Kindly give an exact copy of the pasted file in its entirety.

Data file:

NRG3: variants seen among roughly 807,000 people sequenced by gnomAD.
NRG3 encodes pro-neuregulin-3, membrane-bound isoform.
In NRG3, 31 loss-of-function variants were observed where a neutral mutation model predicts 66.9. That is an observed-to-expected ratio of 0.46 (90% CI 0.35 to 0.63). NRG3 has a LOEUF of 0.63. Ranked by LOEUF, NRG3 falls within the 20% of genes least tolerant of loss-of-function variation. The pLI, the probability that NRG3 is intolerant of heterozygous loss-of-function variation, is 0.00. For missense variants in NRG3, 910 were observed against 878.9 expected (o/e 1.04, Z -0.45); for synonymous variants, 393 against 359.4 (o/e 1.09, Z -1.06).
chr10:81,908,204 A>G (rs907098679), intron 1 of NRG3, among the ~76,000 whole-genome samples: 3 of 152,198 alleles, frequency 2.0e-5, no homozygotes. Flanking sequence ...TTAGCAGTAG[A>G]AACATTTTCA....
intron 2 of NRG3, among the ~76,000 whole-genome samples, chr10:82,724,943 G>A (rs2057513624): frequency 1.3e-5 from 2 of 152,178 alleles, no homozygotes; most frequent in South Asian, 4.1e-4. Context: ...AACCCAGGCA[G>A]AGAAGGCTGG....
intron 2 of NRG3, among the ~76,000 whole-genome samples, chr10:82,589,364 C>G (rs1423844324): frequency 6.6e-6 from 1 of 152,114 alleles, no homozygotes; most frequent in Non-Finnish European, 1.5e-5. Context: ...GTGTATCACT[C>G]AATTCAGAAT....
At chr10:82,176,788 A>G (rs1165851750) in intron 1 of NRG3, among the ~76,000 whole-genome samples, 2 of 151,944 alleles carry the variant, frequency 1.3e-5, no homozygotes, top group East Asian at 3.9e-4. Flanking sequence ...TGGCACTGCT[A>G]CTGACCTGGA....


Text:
NRG3: variants seen among roughly 807,000 people sequenced by gnomAD.
NRG3 encodes pro-neuregulin-3, membrane-bound isoform.
In NRG3, 31 loss-of-function variants were observed where a neutral mutation model predicts 66.9. That is an observed-to-expected ratio of 0.46 (90% CI 0.35 to 0.63). NRG3 has a LOEUF of 0.63. Ranked by LOEUF, NRG3 falls within the 20% of genes least tolerant of loss-of-function variation. The pLI, the probability that NRG3 is intolerant of heterozygous loss-of-function variation, is 0.00. For missense variants in NRG3, 910 were observed against 878.9 expected (o/e 1.04, Z -0.45); for synonymous variants, 393 against 359.4 (o/e 1.09, Z -1.06).
chr10:81,908,204 A>G (rs907098679), intron 1 of NRG3, among the ~76,000 whole-genome samples: 3 of 152,198 alleles, frequency 2.0e-5, no homozygotes. Flanking sequence ...TTAGCAGTAG[A>G]AACATTTTCA....
intron 2 of NRG3, among the ~76,000 whole-genome samples, chr10:82,724,943 G>A (rs2057513624): frequency 1.3e-5 from 2 of 152,178 alleles, no homozygotes; most frequent in South Asian, 4.1e-4. Context: ...AACCCAGGCA[G>A]AGAAGGCTGG....
intron 2 of NRG3, among the ~76,000 whole-genome samples, chr10:82,589,364 C>G (rs1423844324): frequency 6.6e-6 from 1 of 152,114 alleles, no homozygotes; most frequent in Non-Finnish European, 1.5e-5. Context: ...GTGTATCACT[C>G]AATTCAGAAT....
At chr10:82,176,788 A>G (rs1165851750) in intron 1 of NRG3, among the ~76,000 whole-genome samples, 2 of 151,944 alleles carry the variant, frequency 1.3e-5, no homozygotes, top group East Asian at 3.9e-4. Flanking sequence ...TGGCACTGCT[A>G]CTGACCTGGA....